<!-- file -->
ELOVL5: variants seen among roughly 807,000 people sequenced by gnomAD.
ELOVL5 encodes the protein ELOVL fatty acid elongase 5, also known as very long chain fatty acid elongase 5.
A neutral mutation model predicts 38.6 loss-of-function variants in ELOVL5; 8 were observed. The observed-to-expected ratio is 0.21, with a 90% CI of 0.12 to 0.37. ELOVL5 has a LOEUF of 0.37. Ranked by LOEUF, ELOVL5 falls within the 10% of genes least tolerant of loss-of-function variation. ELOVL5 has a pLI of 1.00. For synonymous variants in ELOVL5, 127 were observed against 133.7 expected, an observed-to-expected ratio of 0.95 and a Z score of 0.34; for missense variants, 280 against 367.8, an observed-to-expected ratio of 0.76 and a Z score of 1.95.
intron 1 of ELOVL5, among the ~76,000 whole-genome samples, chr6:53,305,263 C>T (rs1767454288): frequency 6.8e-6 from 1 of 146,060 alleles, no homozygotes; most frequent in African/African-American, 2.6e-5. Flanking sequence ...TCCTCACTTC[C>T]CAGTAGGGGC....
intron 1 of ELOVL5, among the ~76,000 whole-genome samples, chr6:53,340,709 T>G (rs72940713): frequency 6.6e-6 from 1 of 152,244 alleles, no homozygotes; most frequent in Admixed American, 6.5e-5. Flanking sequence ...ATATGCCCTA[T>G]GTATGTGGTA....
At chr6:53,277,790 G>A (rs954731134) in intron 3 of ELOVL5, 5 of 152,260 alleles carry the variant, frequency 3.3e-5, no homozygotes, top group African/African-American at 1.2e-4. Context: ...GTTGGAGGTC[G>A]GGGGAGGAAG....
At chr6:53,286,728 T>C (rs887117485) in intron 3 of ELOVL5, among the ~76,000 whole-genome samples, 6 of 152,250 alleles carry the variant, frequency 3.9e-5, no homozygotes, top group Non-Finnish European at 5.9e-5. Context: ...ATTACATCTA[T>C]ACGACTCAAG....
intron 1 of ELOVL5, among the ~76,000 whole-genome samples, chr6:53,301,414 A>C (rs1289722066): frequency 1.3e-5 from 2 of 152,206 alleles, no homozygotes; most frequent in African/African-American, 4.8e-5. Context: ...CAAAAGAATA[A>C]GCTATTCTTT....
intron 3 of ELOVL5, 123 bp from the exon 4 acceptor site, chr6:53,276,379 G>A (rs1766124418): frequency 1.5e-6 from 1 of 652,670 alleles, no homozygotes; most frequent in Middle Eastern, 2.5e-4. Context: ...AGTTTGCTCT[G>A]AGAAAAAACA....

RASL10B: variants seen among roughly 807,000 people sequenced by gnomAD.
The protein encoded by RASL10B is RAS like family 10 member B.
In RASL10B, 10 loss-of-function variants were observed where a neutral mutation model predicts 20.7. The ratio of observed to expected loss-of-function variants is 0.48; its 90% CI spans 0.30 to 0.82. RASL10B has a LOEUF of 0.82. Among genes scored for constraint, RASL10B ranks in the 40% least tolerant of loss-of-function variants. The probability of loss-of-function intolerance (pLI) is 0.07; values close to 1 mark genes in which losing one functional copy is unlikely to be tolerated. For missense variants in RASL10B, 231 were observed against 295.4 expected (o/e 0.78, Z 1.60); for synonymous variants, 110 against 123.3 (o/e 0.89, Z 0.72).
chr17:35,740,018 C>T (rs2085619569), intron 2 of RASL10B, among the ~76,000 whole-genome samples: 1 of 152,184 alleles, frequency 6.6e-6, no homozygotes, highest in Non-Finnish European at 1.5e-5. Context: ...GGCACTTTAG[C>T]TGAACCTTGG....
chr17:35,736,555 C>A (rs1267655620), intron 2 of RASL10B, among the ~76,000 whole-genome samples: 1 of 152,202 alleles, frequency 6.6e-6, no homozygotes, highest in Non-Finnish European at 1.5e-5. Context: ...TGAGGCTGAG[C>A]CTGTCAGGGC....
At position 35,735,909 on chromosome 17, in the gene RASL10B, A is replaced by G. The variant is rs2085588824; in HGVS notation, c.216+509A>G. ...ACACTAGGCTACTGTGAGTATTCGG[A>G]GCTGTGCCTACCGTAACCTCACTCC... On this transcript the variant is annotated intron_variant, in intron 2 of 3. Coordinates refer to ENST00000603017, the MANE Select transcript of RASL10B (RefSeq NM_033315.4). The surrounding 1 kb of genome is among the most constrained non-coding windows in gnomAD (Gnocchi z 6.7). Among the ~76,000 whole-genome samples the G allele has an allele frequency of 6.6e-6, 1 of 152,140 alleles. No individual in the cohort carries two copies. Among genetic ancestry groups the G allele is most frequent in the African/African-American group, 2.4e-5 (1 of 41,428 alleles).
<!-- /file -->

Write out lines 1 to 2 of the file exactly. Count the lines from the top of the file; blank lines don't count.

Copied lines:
ELOVL5: variants seen among roughly 807,000 people sequenced by gnomAD.
ELOVL5 encodes the protein ELOVL fatty acid elongase 5, also known as very long chain fatty acid elongase 5.